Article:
A chemical plant of TPC Group is shrouded by smoke as the fire continues in Port Neches, about 150 km east of downtown Houston, Texas, the United States, on Nov. 27, 2019. Three people were injured in a chemical plant explosion in southeastern Texas on Wednesday morning. (Photo by Steven Song/Xinhua via Getty) (Steven Song/Xinhua via Getty)

Just one week after Trump rolled back safety measures, chemical plant explosion rocks Texas town

"This facility has a track record of violating the Clean Air Act."


Andrea Germanos
November 28, 2019 7:59PM (UTC)
This article originally appeared at Common Dreams. It is licensed under a Creative Commons Attribution-Share Alike 3.0 License. Feel free to republish and share widely.

Concerns about air quality lingered Wednesday following a major early morning explosion at a chemical plant in Port Neches, Texas that shot a fireball into the sky.

The disaster at the TPC Group-owned facility roughly 94 miles west of Houston took place a week after the Trump administration rolled back safety rules meant to protect workers and people who live near chemical plants. In light of the timing, Catherine Fraser, Environment Texas's clean air associate, called Wednesday's explosion "a timely warning that state and federal officials need to do more to keep communities safe."

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"It shook our house twice," Shawn Dunlap, who lives in neighboring Nederland, told NBC News. "It was just like a bomb going off." Twitter user @souljaslim52 put itanother way: "shit blew tf up."

According to a statement from TPC Group, the incident occurred at 1:00am local time. The company said it "cannot speak to the cause of the incident or the extent of damage." The Port Neches Police Department, in a statement posted to Facebook, said, "There's extensive damage throughout the city."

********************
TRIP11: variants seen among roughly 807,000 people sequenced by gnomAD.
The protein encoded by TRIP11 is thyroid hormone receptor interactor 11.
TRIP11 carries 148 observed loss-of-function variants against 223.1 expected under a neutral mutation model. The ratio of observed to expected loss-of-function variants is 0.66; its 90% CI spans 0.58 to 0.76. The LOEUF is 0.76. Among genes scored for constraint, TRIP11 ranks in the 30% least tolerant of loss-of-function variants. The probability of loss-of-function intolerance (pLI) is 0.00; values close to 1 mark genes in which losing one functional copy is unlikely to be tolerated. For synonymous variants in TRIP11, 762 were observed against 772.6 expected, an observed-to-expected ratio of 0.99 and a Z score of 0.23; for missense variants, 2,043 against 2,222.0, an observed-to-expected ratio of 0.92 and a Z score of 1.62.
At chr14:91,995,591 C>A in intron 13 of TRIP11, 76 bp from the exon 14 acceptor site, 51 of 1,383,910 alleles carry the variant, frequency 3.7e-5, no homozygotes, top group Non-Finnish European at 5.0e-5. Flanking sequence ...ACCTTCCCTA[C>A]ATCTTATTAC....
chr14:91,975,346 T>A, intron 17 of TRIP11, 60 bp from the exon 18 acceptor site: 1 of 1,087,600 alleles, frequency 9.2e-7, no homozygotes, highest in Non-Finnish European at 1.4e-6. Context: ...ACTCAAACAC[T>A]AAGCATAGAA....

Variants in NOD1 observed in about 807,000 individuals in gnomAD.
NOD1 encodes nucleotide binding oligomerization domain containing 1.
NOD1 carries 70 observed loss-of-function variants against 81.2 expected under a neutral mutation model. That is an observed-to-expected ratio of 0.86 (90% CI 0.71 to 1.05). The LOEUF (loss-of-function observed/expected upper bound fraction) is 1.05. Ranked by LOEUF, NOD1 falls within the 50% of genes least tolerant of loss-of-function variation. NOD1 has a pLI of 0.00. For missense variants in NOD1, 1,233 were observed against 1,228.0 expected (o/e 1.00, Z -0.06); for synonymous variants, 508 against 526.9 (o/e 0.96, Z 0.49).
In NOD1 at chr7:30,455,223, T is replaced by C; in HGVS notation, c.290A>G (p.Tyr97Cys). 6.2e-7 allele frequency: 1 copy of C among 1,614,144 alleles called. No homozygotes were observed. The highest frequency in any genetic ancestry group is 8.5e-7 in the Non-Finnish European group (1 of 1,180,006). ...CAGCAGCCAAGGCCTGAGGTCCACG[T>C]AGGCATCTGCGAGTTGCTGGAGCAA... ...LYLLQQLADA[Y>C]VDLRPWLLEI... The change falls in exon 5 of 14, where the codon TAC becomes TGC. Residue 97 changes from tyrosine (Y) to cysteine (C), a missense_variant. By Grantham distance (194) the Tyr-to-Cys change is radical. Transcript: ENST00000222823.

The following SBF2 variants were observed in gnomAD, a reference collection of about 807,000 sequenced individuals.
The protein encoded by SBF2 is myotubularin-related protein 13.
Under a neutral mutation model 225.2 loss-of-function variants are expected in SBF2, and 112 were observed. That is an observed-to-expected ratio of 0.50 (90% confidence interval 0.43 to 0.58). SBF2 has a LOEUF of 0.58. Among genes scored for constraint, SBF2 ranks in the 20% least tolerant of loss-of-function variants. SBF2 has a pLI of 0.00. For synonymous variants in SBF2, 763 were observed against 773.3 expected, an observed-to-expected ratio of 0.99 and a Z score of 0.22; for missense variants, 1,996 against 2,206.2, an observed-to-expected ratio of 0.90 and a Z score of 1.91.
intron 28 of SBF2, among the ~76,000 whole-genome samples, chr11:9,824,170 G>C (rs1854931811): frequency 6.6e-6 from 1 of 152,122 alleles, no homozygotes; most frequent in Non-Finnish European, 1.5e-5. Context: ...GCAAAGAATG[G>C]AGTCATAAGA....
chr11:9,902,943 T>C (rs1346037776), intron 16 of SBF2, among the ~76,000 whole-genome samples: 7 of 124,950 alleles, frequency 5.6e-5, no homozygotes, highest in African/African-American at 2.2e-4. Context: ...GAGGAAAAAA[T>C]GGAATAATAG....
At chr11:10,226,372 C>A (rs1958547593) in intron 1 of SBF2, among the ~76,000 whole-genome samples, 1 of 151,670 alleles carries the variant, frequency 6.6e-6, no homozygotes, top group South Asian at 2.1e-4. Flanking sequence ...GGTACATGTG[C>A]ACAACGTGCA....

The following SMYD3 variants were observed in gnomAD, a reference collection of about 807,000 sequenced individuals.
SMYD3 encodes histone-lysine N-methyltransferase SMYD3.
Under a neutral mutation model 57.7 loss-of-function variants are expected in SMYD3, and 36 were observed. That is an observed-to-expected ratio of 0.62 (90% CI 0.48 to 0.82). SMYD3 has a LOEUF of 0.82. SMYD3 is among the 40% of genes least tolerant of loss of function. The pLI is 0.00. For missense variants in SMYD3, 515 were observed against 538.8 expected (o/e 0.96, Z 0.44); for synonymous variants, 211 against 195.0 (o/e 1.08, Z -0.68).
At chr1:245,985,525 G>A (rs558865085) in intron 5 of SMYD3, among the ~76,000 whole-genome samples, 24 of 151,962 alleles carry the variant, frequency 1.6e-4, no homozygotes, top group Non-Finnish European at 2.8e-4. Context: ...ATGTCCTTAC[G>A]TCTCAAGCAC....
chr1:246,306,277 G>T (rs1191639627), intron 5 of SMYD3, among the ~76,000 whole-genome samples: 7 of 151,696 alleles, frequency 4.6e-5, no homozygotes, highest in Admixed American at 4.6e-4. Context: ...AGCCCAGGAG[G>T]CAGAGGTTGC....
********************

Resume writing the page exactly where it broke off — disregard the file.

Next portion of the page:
Area residents reported damaged homes, with some suffering shattered glass and blown-off doors. Three workers at the plant also suffered minor injuries, the company said.

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"Throughout the morning more booms could be heard in the area as firefighters attempted to control the blaze," reported Beaumont's KBMT.

Local ABC affiliate KTRK reported that the chemical burning is butadiene, which the EPA classifies as carcinogenic.

Area residents captured images and sounds of the explosion:

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Environment Texas's Fraser, in her statement, pointed to the plant's history as cause for particular concern. "This facility has a track record of violating the Clean Air Act," she said, "with five other illegal emissions events just in 2019, emitting carcinogenic 1,3 butadiene and other chemicals, and a history of community complaints."

"According to the EPA, the TPC Plant has been in non-compliance 12 separate quarters over the last 3 years, and has received 7 formal enforcement actions over the last 5 years. According to the TCEQ, the chemical of most concern is butadiene," Fraser continued. "The TPC plant emitted 61,379 pounds of butadiene in 2018. Butadiene is a known human carcinogen."

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Environmental justice expert Mustafa Santiago Ali weighed in on the explosion with a brief statement on Twitter. He noted that the Trump administration's move last week to finalize the weakening of the Chemical Disaster Rule and chided the president for "putting more people's lives in danger."


Andrea Germanos

Andrea Germanos is a senior editor and staff writer at Common Dreams.

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